Using multiple vendors to gather health care data is becoming quite commonplace. Multiple vendors are used in gathering health outcomes information as well as patient satisfaction data. A potential source of bias exists however when considering the possibility of data entry errors across all vendors. This increased chance of error may result from vendor differences in interpretation of data specifications, variations in staff training, and inconsistent implementation of the survey protocol.
To assure the integrity of the data collection process for the Health Outcomes Survey, CMS designed a data consistency validation project utilizing independent data collection experts, the Clinical Data Abstraction Centers (CDACs). CDACs have been used extensively in the collection and validation of clinical data for quality improvement projects [3, 4].
Four hundred randomly sampled hard copy surveys were selected by CMS staff from all mailed surveys coded as being completed surveys. By definition a completed survey was one on which 3 critical items were answered as well as 80% of the remaining survey items excluding a 5 question battery on smoking behavior .
Enter exactly what was documented on the form;
Enter an "X" for any question where the survey respondent either,
Left the question blank,
Made a complete mark for more than one answer,
Marked between 2 answers, or
Recorded an illegible birth year or name;
Enter the answer corresponding to a complete mark, if the survey respondent made both a partial and complete mark for two different answers to a question; and,
If two or more answers were marked for "Highest level of education", select the highest level of education marked.
Data from each survey was entered by two different CDAC data entry staff. Mismatches between data entry staff were adjudicated by a third party data entry supervisor. The result of this process produced a CDAC data entry standard for each survey.
The CDAC data entry standard was compared with the vendor electronic data record using the MedQuest IQC application. To minimize potential data entry errors by the two CDAC data entry staff, mismatches between the CDAC standard and the vendor standard were compared to the original hard copy surveys and adjudicated by a data quality control supervisor. A final "gold standard" for each survey was created.
Vendor data submitted for each questionnaire were compared to the final "gold standard" developed for each survey by the CDAC. Reliability statistics were calculated for each vendor.
Data Entry Reliability Study Results 1998 Medicare Health Outcomes Survey
Vendor (Overall Response Rate)
Number of Cases
Mean Agreement Rate
Mean Agreement Rate Adjusted for Skip Pattern Problems
All Vendors (60%)
Mean Agreement Rate is the unadjusted overall agreement rate between each variable in each "gold standard" with each variable in each of the vendor data records for every survey sampled (N [variables per vendor] = 40,000). Mean Agreement Rate varied across vendors from 97.0% to 99.8%.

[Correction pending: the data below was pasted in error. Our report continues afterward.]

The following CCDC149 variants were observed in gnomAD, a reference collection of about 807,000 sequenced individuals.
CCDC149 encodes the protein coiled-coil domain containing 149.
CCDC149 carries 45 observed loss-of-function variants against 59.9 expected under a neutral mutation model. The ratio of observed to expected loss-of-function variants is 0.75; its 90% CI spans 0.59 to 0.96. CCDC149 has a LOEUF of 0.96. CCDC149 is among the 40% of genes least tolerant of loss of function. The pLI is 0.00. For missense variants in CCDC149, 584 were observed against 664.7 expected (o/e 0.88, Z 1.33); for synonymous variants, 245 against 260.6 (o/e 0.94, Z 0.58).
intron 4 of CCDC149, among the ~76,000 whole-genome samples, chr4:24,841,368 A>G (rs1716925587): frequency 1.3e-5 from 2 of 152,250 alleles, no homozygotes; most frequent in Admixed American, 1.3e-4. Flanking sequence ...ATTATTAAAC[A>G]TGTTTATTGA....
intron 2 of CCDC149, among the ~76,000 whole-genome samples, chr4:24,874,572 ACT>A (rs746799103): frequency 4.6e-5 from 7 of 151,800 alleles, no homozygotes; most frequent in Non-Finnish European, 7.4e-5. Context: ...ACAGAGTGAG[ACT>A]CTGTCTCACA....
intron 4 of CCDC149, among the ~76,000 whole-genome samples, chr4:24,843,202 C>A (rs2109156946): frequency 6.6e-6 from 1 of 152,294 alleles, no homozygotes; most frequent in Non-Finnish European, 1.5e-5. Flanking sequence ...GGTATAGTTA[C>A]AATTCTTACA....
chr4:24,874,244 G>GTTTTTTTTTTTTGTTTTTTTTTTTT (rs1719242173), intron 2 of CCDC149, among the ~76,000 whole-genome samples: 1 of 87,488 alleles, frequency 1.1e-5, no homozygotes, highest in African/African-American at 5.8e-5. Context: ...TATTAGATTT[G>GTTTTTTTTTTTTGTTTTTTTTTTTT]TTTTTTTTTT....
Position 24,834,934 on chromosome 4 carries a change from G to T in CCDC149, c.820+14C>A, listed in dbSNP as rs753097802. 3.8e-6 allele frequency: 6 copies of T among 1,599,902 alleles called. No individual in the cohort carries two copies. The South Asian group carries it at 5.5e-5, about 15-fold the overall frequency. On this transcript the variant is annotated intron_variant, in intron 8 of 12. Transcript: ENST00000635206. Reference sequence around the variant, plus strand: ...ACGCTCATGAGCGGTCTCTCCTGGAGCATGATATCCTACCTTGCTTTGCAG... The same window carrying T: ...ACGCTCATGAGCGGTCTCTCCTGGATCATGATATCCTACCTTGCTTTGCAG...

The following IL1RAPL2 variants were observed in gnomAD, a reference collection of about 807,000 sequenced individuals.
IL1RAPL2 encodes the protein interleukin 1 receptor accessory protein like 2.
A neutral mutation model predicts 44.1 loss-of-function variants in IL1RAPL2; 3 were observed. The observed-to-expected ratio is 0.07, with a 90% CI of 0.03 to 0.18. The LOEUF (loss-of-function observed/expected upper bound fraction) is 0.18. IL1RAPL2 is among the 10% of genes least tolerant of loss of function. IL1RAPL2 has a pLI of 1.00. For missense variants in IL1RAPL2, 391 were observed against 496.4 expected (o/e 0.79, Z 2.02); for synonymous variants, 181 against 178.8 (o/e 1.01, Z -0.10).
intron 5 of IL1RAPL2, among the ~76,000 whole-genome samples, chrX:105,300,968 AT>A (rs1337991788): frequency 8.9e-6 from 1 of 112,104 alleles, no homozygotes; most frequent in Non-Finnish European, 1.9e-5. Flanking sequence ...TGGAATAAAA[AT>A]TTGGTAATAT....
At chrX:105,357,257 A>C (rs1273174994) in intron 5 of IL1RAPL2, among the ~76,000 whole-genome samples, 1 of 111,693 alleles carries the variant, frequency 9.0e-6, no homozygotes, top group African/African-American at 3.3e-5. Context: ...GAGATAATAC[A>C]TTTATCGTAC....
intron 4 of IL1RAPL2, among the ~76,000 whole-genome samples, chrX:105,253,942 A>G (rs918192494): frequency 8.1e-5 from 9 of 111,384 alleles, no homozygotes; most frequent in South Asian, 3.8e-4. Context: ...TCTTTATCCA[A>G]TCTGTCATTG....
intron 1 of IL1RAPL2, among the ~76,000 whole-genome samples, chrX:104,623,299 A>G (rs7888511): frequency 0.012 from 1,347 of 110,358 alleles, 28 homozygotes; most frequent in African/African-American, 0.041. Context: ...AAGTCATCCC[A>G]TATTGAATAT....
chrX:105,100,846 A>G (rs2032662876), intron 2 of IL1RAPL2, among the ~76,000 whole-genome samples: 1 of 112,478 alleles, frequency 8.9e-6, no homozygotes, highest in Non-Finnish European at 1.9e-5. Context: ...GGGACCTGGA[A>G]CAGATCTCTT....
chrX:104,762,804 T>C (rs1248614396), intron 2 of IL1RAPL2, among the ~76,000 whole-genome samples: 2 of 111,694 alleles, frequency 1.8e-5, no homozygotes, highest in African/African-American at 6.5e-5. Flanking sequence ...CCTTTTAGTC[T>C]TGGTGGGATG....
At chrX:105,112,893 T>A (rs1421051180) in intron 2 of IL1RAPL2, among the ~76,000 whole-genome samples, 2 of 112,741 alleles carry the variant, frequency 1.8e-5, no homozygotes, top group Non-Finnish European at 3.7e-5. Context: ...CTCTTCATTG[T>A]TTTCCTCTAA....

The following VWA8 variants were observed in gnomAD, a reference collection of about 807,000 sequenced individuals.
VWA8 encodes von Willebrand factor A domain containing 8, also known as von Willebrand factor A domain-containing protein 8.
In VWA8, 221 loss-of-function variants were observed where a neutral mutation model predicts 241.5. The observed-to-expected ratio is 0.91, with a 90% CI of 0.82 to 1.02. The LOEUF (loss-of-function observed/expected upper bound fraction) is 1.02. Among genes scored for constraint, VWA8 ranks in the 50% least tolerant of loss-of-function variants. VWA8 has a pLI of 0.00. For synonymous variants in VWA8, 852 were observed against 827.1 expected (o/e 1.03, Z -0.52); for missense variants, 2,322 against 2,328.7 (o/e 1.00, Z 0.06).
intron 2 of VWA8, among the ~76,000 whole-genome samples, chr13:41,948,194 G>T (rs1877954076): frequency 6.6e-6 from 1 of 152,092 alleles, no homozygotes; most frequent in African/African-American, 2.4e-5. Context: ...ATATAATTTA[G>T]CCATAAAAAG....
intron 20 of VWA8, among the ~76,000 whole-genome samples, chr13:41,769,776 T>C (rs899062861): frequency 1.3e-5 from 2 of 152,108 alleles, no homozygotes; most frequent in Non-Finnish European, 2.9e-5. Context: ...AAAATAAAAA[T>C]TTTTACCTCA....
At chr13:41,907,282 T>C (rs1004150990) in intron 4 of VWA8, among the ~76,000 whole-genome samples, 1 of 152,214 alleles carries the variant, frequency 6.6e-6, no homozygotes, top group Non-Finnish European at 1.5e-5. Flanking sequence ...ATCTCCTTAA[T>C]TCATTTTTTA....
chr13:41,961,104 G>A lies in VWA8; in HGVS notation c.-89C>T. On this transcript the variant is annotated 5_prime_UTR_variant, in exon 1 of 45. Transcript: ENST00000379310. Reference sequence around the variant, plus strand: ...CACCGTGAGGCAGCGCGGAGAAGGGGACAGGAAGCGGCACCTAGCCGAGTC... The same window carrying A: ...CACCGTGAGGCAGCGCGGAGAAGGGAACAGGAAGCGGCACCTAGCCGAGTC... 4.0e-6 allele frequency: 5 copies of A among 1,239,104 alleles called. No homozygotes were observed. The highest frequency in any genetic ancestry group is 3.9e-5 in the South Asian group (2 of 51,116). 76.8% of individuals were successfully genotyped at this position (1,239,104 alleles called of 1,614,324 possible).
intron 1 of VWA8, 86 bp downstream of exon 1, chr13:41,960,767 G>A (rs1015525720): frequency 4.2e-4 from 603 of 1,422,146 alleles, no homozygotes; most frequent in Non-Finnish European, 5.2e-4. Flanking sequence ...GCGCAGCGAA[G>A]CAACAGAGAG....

A more detailed review of the mismatches by CDAC staff revealed that, across vendors, questions involving the two skip patterns were contributing disproportionately to the overall number of mismatches. A look back at the hard copy instruments indicated that vendors did not consistently follow the pre-defined data entry rule number 5 that states that, "if a question was supposed to have been skipped but was not, the data entry person was to key in the answers exactly as they were written". In many instances data entry staff chose the answer that was most logical or consistent with the responses preceding the skip pattern. Our desire is to have the data set reflect exactly what the respondent entered. The following example serves to illustrate the problem inherent in allowing data entry staff to attempt to rectify data inconsistencies related to skip patterns. A respondent who answers negatively to the smoking screening question, but completes the remaining battery of smoking questions, may be considered a smoker, with the remaining smoking questions considered valid. Alternatively, the respondent may be considered a non-smoker and answers to the remaining questions would be ignored. We believe that deciding which of these alternatives is correct or to exclude this case from analysis altogether should be left to the research team.
An adjusted mean agreement rate was computed which did not penalize the vendors for data entry problems associated with the skip patterns. These adjusted agreement rates ranged from 97.9% to 99.9%. The mean adjusted agreement rate for all vendors was 99.2%.
Another finding worthy to note is that the vendor with the lowest adjusted agreement score, Vendor C, was found to have only a 2% agreement on one particular question where the other vendors achieved an average agreement rate of 99.5% on the same question. While automated data entry edits would have detected an out-of-range value, this problem was traced to a data coding error which consisted of a misassignment by the vendor of the valid response values for the question. When corrected, the overall average adjusted agreement rate for Vendor C increased by one percentage point to 98.9%.
Evidence presented here indicates that the use of multiple vendors to collect health outcomes information need not compromise the quality of the data collected across vendor sites. As the results of this study seem to suggest, researchers may utilize multiple vendors for data collection using mailed surveys without fear of data quality problems.
This does not mean, however, that health services researchers should not concern themselves with data quality when using multiple vendors. Conversely, they must establish the parameters (operating guidelines and procedures) within which the vendors will operate during the survey implementation, data collection, and data entry phases of a study. The two guiding principles for ensuring data quality that were vigorously adhered to during the inaugural fielding of the Medicare Health Outcomes Survey were standardization and simplicity.
systems and processes – establishes minimum system requirements for vendors survey management systems, CATI systems, and the printing and mailing of survey instruments and related materials;